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Which loco do you think should be built in the future

Discussion in 'Steam Traction' started by charterplan, Sep 8, 2013.

  1. 242A1

    242A1 Well-Known Member

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    From the standpoint of the enthusiast it largely depends on where your particular loyalties lie. If you tend to side with the East Coast you have probably got good cause to lament the lack of preserved material particularly if you cast an eye over the West Coast or the South West.
    There are however significant gaps everywhere and it is inevitable that folk would like to fill them. Some projects will get support, depends on how many people are prepared to share a dream and then fund it. It might not be your dream but that is no reason for resentment.
    Preservation is about far more than the locomotives and people will recreate all manner of things. Preserved lines can be viewed as being a historical recreation of a time and place long gone but hugely valued and because of that value we try to create these precious places all over again.
    Preserved lines are one thing but preserved steam is in some ways another. One thing preserved a preserved line is unable to truly recreate are the glory days of when steam was King on the rails - the kings of power, speed and spectacle. Hence we try by means of access to the National Network to hang on to this too.
    So what to build next? It depends on what you are trying to preserve, to keep alive. Preserved lines are difficult enough but mainline steam could prove to be far more difficult. We have Tornado, fine and good, but is that enough? Do we plan or fail to?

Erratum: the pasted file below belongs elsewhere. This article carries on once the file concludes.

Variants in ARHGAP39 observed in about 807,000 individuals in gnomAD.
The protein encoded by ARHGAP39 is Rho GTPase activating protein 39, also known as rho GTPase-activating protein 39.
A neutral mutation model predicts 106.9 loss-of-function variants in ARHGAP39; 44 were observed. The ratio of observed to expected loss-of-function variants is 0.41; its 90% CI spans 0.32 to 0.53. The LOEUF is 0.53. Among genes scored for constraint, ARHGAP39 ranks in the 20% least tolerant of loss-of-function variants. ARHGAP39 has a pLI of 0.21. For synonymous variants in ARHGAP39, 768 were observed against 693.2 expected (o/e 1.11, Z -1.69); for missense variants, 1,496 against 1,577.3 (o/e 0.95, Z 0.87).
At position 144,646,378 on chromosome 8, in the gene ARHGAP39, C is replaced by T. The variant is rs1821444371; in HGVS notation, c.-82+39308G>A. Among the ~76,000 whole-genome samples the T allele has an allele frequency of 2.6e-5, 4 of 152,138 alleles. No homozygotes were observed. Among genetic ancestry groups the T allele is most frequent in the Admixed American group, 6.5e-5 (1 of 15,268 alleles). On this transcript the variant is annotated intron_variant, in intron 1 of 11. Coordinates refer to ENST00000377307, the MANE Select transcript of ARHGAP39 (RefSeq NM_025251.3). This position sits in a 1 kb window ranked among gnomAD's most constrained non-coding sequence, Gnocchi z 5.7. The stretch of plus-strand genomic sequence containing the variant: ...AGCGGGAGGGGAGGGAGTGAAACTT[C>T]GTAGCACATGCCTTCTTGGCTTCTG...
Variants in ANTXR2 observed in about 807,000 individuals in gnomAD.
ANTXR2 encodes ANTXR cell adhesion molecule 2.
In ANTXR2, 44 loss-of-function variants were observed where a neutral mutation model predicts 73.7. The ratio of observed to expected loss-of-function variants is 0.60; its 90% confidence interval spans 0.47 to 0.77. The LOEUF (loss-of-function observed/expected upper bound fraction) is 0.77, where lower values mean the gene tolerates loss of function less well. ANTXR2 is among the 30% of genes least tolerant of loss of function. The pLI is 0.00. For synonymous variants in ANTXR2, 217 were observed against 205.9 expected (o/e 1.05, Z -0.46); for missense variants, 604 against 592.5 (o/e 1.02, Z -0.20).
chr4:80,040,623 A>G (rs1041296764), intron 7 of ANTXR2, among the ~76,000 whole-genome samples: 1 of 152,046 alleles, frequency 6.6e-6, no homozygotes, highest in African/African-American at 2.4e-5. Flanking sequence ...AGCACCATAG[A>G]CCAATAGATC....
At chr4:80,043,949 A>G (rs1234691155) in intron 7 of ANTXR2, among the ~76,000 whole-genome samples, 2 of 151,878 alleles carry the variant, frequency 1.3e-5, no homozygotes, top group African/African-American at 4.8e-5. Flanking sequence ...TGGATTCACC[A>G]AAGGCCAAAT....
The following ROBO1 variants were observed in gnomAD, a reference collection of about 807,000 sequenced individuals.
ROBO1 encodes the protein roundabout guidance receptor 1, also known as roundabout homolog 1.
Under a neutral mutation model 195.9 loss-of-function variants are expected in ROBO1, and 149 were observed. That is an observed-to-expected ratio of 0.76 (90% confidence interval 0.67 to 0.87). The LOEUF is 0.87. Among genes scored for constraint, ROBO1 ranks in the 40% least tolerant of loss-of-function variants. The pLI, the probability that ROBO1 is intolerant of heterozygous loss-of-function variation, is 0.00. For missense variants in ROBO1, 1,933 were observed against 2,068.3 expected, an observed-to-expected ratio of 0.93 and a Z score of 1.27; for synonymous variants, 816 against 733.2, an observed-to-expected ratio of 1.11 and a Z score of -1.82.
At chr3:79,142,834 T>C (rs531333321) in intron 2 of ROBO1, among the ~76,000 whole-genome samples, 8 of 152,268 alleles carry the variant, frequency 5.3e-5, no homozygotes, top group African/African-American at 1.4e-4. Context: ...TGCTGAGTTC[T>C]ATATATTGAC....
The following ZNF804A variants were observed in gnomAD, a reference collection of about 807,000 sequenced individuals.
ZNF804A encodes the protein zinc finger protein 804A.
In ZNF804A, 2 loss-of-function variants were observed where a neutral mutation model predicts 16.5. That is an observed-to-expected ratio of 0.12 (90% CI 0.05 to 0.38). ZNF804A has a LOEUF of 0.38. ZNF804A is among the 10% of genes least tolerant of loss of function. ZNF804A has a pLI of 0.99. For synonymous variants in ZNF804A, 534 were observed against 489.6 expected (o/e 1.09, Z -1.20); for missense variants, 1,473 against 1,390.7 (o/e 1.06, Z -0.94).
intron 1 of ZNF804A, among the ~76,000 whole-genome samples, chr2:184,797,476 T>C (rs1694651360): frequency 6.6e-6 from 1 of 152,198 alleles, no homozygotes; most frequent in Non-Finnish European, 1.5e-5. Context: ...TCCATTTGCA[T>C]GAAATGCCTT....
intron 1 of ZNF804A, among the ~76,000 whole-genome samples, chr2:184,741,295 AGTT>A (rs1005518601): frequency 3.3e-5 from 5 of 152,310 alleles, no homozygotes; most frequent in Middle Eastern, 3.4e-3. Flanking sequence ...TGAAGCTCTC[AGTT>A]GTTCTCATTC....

So many of the locomotives considered fit for mainline use are in the hands of individuals who are happy enough to spend heavily and share their passion. These engines outlive their owners but when the owners pass on, loose interest, go bankrupt can we be sure of the future of these engines we already benefit from?
    When the pressure is on for engines to perform better in order to continue to have a fringe place at the modern railway table, what happens then? So what do we try to do for the long term future? What, if anything, should be built?
     
  2. Reading General

    Reading General Part of the furniture

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    isn't it ironic that the best represented railway is also the one where the most gaps are being filled... ironic and fantastic, roll on the Saint being finished... :)
     
  3. S.A.C. Martin

    S.A.C. Martin Part of the furniture